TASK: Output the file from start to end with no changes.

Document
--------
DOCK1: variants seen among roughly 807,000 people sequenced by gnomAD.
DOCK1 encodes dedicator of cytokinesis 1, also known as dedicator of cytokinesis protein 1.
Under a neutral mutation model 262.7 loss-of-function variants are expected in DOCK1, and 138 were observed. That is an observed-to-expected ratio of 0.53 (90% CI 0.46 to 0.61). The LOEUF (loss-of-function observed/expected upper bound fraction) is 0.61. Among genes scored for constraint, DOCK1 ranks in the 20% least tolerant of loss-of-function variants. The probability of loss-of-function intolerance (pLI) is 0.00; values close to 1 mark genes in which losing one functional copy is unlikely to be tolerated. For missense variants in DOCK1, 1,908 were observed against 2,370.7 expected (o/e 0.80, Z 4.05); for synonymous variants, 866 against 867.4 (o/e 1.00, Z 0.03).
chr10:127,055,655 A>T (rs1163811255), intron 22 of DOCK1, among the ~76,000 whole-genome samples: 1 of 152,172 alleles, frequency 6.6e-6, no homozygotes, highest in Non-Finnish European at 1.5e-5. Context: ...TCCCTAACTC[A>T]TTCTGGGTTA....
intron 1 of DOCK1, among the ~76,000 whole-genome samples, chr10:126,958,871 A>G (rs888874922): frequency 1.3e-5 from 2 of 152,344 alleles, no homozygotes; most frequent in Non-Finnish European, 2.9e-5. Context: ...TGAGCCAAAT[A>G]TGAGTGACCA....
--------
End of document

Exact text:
DOCK1: variants seen among roughly 807,000 people sequenced by gnomAD.
DOCK1 encodes dedicator of cytokinesis 1, also known as dedicator of cytokinesis protein 1.
Under a neutral mutation model 262.7 loss-of-function variants are expected in DOCK1, and 138 were observed. That is an observed-to-expected ratio of 0.53 (90% CI 0.46 to 0.61). The LOEUF (loss-of-function observed/expected upper bound fraction) is 0.61. Among genes scored for constraint, DOCK1 ranks in the 20% least tolerant of loss-of-function variants. The probability of loss-of-function intolerance (pLI) is 0.00; values close to 1 mark genes in which losing one functional copy is unlikely to be tolerated. For missense variants in DOCK1, 1,908 were observed against 2,370.7 expected (o/e 0.80, Z 4.05); for synonymous variants, 866 against 867.4 (o/e 1.00, Z 0.03).
chr10:127,055,655 A>T (rs1163811255), intron 22 of DOCK1, among the ~76,000 whole-genome samples: 1 of 152,172 alleles, frequency 6.6e-6, no homozygotes, highest in Non-Finnish European at 1.5e-5. Context: ...TCCCTAACTC[A>T]TTCTGGGTTA....
intron 1 of DOCK1, among the ~76,000 whole-genome samples, chr10:126,958,871 A>G (rs888874922): frequency 1.3e-5 from 2 of 152,344 alleles, no homozygotes; most frequent in Non-Finnish European, 2.9e-5. Context: ...TGAGCCAAAT[A>G]TGAGTGACCA....